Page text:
#206: The Finale

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I’ve already dedicated a post to discussing the nostalgia and cultural impact of Game of Thrones, so today I’ll be talking instead about the finale, how I felt about it, and whether it made up for the season that it was a part of (it didn’t, but oh well).

Fans generally separate the show’s seasons into three categories: the great ones (1-4), the good ones (5-6), and the not so good ones (7-8). There’s a general decline in quality from the beginning to the end, unfortunately, and while I understand that that’s normal for a TV show like this, with so much hype and nostalgia behind it to fall a bit flat near the conclusion and climax, it still disappoints a bit.

As for the finale, I liked a couple of characters’ endings: Arya had a strong character ending, learning from the Hound that revenge isn’t necessary and giving up her quest to kill everyone on her list; Jon had an interesting ending, deciding to do what was right for the realm rather than become king himself, a man who had no lust for power; Sansa had a great ending, becoming Queen of the North after enduring so much trauma through the years and years of the show. It feels good to see the good characters receive happy endings, even while the ending felt a bit forced at points. I know that not all the characters received strong endings, but having Brienne write the story for Jaime in the Kingsguard book felt perfect as a send-off for him, considering the episode before this did him dirty. The decision to have Dany die so early in the episode felt right, so I’m glad they didn’t drag that on more than it needed to be, but also, her story and character arc were both really weird overall. I felt like it was rushed, along with the season as a whole. It could’ve been longer in order to fit all that they wanted to do inside it.

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#182: The Long Night

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Talk about complete and total darkness. Not the type that’s momentarily scary, but totally enveloping and ruining. The kind of darkness that makes you question what’s real and what’s not. Absolute carnage takes place in the darkness. After watching Game of Thrones season 3 episode 8’s “The Long Night,” I feel qualified to talk about this darkness, because the episode was dark in more ways than one. The tone and mood of the episode were similarly dreary and frightening, while the atmosphere, setting, and lighting were terrifyingly dark as well. In some parts, the dead seemed like an unstoppable juggernaut, rampaging over anything that even dared to touch them, such as the Dothraki horde with their flaming swords of doom.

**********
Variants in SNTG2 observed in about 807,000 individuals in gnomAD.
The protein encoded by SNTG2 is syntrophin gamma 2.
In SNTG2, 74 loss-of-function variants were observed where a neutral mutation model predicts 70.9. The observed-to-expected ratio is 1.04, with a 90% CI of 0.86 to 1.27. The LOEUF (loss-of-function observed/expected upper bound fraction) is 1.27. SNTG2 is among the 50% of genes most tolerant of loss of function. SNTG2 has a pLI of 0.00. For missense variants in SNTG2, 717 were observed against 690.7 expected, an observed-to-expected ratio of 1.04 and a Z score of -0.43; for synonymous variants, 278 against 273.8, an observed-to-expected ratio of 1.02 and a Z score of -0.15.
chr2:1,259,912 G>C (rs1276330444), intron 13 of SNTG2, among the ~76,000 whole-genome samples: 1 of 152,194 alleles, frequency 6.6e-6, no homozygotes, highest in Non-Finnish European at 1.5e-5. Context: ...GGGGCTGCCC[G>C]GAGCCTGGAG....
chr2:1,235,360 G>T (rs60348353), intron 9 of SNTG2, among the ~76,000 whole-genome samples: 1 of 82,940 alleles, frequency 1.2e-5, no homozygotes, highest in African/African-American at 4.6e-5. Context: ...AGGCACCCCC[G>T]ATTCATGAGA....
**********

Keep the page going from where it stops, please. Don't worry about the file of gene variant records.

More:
By the time this post reaches my blog, it’ll be long past the release of this episode, but I figured it was worth discussing anyway because I bet this episode stands the test of time for awhile. Some may disagree about the overall quality of the episode, but I think having the battle take place in one, 80-minute spectacle felt like the right thing to do, rather than drag it on for longer than necessary. They had to finish it right there and then, as the dead were already picking up and animating the bodies of those who were fighting against them. It would’ve been a hundred times worse otherwise.

I loved the scenes with the red mist, as Winterfell became overrun by zombies and the dead. It really brought home the aspect of dread. I was completely, totally stressed out for the entire episode, and I know others were too. I can’t imagine how it must have felt to film such a thing, to put it all together into one major episode. The budget must’ve been sky high, to begin with. I’m just happy one of my favorite series is coming together like this.